THIS book is an introduction to a vast subject which has been neglected far too long. It is written by a firm believer in artistic patriotism. Cosmopolitanism has never grown, and probably will never grow, from the core of a nation, and as our country is exceedingly gifted there is no need for her to draw the waters of art from foreign wells and springs.
Through sixty years and more many and varied attempts have been made by artists and critics to impose foreign ideas and styles on their own country, and now the British people, retaliating, decline to invest money in the ever-changing tides of art's wayward fashions. Sir Joseph Duveen's letter to the Prime Minister has caused a great deal of public talk, and some writers in a hurry have accused our country of being inartistic, though through several centuries she has collected more works of art than any other nation in Europe. Foreign artists by the score have sought her patronage, seldom in vain, and, misled by cosmopolitan ideas, she has shown no continuity of hearty encouragement to her own native art-workers.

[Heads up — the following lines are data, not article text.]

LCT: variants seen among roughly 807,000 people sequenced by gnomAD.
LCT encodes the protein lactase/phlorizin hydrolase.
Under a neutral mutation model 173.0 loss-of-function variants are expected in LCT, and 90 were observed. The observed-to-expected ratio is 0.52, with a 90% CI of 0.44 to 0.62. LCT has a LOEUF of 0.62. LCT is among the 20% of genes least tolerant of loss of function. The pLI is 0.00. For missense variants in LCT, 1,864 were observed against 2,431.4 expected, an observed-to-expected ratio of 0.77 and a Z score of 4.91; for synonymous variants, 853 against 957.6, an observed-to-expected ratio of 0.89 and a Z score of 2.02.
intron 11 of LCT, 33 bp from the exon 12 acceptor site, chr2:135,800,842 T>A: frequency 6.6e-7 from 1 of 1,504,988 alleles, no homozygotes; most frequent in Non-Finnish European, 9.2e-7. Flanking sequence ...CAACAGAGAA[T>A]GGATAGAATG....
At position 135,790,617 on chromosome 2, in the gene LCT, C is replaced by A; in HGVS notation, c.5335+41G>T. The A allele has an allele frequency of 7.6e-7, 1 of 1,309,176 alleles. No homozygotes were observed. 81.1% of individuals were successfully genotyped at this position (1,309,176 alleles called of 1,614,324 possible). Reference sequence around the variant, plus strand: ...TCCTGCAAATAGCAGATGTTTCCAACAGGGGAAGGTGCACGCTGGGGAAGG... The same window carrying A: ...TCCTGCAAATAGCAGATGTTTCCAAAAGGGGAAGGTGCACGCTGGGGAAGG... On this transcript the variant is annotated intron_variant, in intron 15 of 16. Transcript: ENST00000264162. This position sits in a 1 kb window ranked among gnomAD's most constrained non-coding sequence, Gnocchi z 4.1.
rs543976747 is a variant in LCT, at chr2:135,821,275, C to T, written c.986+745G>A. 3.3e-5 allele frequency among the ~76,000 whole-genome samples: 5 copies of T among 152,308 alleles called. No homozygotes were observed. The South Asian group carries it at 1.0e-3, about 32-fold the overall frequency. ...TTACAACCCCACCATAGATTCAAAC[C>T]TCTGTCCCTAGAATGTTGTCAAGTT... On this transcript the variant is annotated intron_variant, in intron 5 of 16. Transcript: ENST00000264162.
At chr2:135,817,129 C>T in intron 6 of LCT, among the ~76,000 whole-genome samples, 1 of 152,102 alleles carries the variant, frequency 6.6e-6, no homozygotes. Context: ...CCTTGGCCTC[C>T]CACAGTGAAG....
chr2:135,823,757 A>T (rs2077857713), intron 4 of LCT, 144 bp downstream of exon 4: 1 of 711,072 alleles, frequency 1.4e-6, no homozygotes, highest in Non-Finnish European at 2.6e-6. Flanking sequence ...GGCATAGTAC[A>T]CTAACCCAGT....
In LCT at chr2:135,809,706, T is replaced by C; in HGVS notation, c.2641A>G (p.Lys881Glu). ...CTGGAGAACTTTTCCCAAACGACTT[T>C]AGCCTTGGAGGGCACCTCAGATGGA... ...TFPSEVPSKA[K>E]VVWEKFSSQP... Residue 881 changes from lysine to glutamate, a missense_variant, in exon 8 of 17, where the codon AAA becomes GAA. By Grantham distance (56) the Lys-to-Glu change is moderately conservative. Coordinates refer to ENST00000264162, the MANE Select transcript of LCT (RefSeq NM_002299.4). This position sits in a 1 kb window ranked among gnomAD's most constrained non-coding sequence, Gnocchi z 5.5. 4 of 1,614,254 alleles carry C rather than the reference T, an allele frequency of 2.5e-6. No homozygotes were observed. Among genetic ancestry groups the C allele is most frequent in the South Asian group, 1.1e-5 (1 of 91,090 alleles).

But as every positive action invites an equal and opposite reaction, there have been periodical revolts against foreign fashions in British painting, sculpture, and architecture. The facts noted by Sir Joseph Duveen mark one of these revolts, and draw attention to the need of artistic patriotism. How can a nation's Life and Art be united, when artists and their critics wish to see, and feel and think as foreigners?
These matters are worth debating, and I have tried in this book to review them in a sufficient number of phases to illustrate my thesis.